The most important ways to avoid nighttime accidents are the same as to avoid daytime accidents:
- Ride defensively.
- Follow the laws.
- Watch other traffic closely.
- Always assume no one can see you, no matter how much reflective gear you have.
Dress yourself and your bike to be seen, but don't forget that how you ride is more important than how you look.
Dear Self in 2005:
Don't stop exercising and start pigging out to mourn Teddy.
Your Self in 2008
P.S. Watch that travel budget; you'll never sell enough books to cover it.
Her letter is thankful while mine is loaded with regret, but I'll leave the analysis to someone else.
Thursday, May 22, 2008
I'm a 19-year-old male college student. I'm planning a bicycle trip from Illinois to Oregon with a male friend this summer. My parents are worried about my safety, and they are considering not letting me go.I rode across the country alone at age 31. Some people told my wife that she should forbid me from going (even strangers I met along the way asked me why my wife let me go). As I told her, "If you were the kind of wife who would try to stop me, I wouldn't have married you!" My only concession to the worriers in my life was to carry a cell phone, which at least was handy for making motel reservations.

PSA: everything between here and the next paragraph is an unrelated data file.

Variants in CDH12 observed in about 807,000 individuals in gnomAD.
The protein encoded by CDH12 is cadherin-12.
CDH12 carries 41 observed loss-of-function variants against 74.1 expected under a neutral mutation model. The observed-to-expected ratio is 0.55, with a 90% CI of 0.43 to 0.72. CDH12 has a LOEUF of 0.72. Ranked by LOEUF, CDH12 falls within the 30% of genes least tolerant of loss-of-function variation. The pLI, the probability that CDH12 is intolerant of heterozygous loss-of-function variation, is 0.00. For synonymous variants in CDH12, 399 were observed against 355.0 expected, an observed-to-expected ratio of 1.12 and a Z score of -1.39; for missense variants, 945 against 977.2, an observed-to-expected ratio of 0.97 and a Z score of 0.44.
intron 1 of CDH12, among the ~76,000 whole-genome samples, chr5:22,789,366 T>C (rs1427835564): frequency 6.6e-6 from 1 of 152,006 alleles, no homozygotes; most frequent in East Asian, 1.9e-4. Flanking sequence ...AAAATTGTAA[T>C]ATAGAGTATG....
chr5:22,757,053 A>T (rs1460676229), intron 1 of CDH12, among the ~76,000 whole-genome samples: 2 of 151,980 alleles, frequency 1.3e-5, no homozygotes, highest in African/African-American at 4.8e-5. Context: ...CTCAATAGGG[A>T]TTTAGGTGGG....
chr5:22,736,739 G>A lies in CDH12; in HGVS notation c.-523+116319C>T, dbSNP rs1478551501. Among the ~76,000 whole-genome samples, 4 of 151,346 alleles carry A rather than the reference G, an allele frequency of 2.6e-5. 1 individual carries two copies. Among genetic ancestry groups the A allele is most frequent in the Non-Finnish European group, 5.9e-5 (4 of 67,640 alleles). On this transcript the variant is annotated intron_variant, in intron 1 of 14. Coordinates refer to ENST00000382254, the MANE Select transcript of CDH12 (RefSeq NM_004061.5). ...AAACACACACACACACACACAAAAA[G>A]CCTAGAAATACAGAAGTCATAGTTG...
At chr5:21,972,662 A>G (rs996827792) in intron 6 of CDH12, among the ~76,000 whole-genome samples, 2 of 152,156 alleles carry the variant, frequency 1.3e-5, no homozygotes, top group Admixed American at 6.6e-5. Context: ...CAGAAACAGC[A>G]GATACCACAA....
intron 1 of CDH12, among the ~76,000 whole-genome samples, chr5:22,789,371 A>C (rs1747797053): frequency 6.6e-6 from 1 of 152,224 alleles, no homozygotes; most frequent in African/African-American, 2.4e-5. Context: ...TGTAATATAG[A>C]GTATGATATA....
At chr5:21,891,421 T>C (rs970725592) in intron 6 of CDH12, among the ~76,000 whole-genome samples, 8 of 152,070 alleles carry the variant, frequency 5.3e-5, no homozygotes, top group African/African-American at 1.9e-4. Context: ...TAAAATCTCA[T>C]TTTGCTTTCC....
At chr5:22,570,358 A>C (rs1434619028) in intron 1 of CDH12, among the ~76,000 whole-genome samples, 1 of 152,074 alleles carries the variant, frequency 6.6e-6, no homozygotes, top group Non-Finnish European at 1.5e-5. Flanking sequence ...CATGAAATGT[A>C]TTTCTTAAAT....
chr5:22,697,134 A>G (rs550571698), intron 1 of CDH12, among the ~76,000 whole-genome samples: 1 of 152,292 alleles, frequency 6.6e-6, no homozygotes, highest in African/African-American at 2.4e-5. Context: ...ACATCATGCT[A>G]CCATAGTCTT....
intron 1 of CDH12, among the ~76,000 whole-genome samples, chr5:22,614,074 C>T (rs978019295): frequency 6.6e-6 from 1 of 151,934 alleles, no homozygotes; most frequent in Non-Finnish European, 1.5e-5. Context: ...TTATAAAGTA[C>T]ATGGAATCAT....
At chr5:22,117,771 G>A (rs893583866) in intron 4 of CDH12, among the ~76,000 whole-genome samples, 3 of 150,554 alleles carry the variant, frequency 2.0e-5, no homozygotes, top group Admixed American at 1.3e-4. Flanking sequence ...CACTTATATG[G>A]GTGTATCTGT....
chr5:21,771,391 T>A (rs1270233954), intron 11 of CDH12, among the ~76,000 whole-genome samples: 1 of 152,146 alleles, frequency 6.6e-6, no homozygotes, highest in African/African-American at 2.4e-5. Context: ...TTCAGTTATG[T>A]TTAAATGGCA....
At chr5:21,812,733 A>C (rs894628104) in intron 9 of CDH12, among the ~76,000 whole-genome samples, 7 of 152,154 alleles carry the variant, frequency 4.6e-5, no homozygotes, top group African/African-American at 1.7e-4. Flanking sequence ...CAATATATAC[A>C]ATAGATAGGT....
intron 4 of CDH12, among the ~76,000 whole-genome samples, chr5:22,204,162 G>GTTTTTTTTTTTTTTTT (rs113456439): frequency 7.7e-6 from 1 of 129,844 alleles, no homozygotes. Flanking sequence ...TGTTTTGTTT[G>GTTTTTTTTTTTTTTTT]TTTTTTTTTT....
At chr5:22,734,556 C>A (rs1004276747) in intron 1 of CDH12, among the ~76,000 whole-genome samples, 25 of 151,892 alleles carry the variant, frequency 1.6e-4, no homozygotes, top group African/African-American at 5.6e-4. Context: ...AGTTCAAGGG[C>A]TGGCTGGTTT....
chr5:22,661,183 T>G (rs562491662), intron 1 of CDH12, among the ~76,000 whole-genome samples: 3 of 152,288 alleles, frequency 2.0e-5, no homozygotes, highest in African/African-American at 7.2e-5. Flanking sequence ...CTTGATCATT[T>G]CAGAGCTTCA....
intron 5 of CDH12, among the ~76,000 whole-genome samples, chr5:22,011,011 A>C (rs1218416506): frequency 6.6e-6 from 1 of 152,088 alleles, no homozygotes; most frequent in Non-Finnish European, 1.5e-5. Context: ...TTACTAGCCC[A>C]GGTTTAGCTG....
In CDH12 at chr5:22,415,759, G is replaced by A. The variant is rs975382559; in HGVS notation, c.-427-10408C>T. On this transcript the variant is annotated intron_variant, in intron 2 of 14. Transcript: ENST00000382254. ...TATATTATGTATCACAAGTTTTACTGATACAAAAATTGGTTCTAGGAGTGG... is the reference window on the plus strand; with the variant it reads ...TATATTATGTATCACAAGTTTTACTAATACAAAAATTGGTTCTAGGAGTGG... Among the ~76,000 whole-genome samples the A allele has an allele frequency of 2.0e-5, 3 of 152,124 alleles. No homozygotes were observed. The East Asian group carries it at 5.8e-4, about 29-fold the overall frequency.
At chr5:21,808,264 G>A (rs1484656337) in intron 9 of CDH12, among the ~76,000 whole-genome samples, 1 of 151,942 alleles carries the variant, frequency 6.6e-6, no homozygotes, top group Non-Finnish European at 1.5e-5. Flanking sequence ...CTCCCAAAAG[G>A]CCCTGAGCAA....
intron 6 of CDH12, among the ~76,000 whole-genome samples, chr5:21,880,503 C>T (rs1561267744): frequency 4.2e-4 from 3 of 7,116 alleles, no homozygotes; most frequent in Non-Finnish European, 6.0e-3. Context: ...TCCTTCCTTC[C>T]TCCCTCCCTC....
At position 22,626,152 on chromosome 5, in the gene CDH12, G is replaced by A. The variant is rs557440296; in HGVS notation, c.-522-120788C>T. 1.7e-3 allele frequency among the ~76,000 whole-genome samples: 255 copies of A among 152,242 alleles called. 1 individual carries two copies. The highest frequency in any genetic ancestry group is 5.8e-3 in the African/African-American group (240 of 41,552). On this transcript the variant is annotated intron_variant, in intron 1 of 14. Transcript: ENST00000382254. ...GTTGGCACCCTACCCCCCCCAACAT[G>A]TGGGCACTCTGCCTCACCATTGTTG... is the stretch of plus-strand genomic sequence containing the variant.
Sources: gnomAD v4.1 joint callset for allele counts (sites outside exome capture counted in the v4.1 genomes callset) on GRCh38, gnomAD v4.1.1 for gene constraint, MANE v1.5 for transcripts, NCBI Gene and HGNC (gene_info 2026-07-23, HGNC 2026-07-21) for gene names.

Bicycle touring only scares people who haven't done it. People are so paranoid about the dangers of the world. Someone who has done ample planning and is in reasonable physical condition should be fine. Sure, bad things can happen on a bike trip (David, don't let your parents see this book), but bad things can happen anywhere, anytime. I am sure a lot of great things will happen on David's trip, and those memories will stay with him forever.
Amy gave David the right advice, basically saying, "You're 19 years old and your parents need to 'let go' and let you go." Have a great trip, David!
Note: I've been trying to post this since Tuesday, but Blogger wouldn't upload my photos. I finally had to do it the old fashioned way -- I uploaded the photos to my Web site and coded the HTML for them.
Wednesday, May 21, 2008
The 203-mile race is divided into 36 relay legs. Starting at 8 AM on June 6 in Madison, Wisconsin, each of the team's ten racers will run three or four legs ranging from 3.0 to 8.6 miles. They expect to finish around 4 PM on June 7 at Montrose Harbor on Chicago's lakefront.